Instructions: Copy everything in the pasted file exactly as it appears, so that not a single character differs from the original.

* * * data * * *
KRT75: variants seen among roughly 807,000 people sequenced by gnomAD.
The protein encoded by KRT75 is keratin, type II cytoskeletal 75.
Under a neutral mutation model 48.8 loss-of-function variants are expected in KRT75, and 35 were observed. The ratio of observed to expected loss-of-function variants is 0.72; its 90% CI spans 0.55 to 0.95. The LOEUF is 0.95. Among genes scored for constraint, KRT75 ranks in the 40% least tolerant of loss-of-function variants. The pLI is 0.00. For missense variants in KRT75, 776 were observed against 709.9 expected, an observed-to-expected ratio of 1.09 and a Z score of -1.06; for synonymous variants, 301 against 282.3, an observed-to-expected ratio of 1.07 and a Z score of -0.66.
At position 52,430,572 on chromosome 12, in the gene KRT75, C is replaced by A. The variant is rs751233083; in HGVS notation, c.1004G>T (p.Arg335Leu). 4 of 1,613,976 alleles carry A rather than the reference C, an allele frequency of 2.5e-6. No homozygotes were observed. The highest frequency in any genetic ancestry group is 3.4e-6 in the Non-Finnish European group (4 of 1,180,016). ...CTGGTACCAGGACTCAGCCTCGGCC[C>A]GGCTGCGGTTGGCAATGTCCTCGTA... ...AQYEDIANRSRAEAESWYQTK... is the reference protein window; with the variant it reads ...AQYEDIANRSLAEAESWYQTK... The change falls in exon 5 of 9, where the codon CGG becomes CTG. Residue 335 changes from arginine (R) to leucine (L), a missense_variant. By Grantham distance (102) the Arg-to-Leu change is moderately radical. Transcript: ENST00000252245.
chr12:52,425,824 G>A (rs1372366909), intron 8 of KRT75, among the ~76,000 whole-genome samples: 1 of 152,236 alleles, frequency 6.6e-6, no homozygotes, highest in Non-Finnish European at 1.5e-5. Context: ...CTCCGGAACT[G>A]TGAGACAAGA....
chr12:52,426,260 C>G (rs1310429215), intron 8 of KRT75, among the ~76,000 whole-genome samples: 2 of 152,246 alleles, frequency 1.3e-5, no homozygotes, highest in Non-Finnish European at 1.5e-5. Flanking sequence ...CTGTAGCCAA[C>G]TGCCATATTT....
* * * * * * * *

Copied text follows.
KRT75: variants seen among roughly 807,000 people sequenced by gnomAD.
The protein encoded by KRT75 is keratin, type II cytoskeletal 75.
Under a neutral mutation model 48.8 loss-of-function variants are expected in KRT75, and 35 were observed. The ratio of observed to expected loss-of-function variants is 0.72; its 90% CI spans 0.55 to 0.95. The LOEUF is 0.95. Among genes scored for constraint, KRT75 ranks in the 40% least tolerant of loss-of-function variants. The pLI is 0.00. For missense variants in KRT75, 776 were observed against 709.9 expected, an observed-to-expected ratio of 1.09 and a Z score of -1.06; for synonymous variants, 301 against 282.3, an observed-to-expected ratio of 1.07 and a Z score of -0.66.
At position 52,430,572 on chromosome 12, in the gene KRT75, C is replaced by A. The variant is rs751233083; in HGVS notation, c.1004G>T (p.Arg335Leu). 4 of 1,613,976 alleles carry A rather than the reference C, an allele frequency of 2.5e-6. No homozygotes were observed. The highest frequency in any genetic ancestry group is 3.4e-6 in the Non-Finnish European group (4 of 1,180,016). ...CTGGTACCAGGACTCAGCCTCGGCC[C>A]GGCTGCGGTTGGCAATGTCCTCGTA... ...AQYEDIANRSRAEAESWYQTK... is the reference protein window; with the variant it reads ...AQYEDIANRSLAEAESWYQTK... The change falls in exon 5 of 9, where the codon CGG becomes CTG. Residue 335 changes from arginine (R) to leucine (L), a missense_variant. By Grantham distance (102) the Arg-to-Leu change is moderately radical. Transcript: ENST00000252245.
chr12:52,425,824 G>A (rs1372366909), intron 8 of KRT75, among the ~76,000 whole-genome samples: 1 of 152,236 alleles, frequency 6.6e-6, no homozygotes, highest in Non-Finnish European at 1.5e-5. Context: ...CTCCGGAACT[G>A]TGAGACAAGA....
chr12:52,426,260 C>G (rs1310429215), intron 8 of KRT75, among the ~76,000 whole-genome samples: 2 of 152,246 alleles, frequency 1.3e-5, no homozygotes, highest in Non-Finnish European at 1.5e-5. Flanking sequence ...CTGTAGCCAA[C>G]TGCCATATTT....